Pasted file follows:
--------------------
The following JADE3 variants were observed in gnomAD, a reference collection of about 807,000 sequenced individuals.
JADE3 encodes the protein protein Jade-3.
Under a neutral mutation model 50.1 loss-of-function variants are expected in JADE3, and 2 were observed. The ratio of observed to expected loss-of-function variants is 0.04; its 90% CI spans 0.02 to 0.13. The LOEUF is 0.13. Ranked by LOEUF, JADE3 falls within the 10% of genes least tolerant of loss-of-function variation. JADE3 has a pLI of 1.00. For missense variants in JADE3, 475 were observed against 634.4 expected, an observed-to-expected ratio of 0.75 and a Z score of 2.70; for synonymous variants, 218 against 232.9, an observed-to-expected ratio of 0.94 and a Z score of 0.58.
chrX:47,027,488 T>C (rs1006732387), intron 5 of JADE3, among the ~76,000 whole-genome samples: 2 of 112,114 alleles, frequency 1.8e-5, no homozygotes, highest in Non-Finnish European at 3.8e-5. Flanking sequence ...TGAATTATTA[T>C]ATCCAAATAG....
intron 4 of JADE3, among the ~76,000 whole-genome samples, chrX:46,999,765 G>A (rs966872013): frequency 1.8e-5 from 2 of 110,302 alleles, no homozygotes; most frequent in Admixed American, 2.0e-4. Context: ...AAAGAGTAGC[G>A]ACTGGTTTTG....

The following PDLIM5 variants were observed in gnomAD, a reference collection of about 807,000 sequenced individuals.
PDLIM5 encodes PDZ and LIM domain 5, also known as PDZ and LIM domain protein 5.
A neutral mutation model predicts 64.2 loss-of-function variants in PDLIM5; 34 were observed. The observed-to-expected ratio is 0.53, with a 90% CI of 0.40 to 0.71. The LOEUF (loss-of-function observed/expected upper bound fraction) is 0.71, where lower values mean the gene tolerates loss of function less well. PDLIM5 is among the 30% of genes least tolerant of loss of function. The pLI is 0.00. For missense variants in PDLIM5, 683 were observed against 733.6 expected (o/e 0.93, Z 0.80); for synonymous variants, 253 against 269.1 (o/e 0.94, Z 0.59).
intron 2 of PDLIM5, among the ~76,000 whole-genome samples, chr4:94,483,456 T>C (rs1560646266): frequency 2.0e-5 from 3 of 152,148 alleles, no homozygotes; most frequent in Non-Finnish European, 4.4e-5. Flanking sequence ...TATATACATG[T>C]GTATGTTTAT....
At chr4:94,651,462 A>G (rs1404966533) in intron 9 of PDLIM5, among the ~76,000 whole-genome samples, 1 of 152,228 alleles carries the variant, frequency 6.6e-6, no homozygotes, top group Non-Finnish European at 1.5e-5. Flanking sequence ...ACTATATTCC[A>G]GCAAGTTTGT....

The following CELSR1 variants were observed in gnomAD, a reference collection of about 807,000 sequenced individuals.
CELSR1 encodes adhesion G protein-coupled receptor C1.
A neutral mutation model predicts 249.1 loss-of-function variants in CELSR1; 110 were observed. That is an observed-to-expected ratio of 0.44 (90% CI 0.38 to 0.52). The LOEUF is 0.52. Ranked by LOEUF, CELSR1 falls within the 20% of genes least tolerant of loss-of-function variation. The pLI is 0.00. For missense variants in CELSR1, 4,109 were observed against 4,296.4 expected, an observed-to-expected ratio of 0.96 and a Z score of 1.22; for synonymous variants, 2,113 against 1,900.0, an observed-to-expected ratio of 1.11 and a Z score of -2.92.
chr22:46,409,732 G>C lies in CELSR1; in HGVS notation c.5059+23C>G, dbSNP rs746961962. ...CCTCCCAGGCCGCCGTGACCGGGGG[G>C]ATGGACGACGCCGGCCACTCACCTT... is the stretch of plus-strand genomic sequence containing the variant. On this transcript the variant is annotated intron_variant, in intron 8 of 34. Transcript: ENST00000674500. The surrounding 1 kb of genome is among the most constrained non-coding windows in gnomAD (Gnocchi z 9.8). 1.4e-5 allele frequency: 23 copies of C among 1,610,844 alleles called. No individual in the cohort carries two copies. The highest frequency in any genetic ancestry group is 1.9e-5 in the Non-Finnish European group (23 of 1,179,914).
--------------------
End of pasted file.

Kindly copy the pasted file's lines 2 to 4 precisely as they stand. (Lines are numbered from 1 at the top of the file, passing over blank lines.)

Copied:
JADE3 encodes the protein protein Jade-3.
Under a neutral mutation model 50.1 loss-of-function variants are expected in JADE3, and 2 were observed. The ratio of observed to expected loss-of-function variants is 0.04; its 90% CI spans 0.02 to 0.13. The LOEUF is 0.13. Ranked by LOEUF, JADE3 falls within the 10% of genes least tolerant of loss-of-function variation. JADE3 has a pLI of 1.00. For missense variants in JADE3, 475 were observed against 634.4 expected, an observed-to-expected ratio of 0.75 and a Z score of 2.70; for synonymous variants, 218 against 232.9, an observed-to-expected ratio of 0.94 and a Z score of 0.58.
chrX:47,027,488 T>C (rs1006732387), intron 5 of JADE3, among the ~76,000 whole-genome samples: 2 of 112,114 alleles, frequency 1.8e-5, no homozygotes, highest in Non-Finnish European at 3.8e-5. Flanking sequence ...TGAATTATTA[T>C]ATCCAAATAG....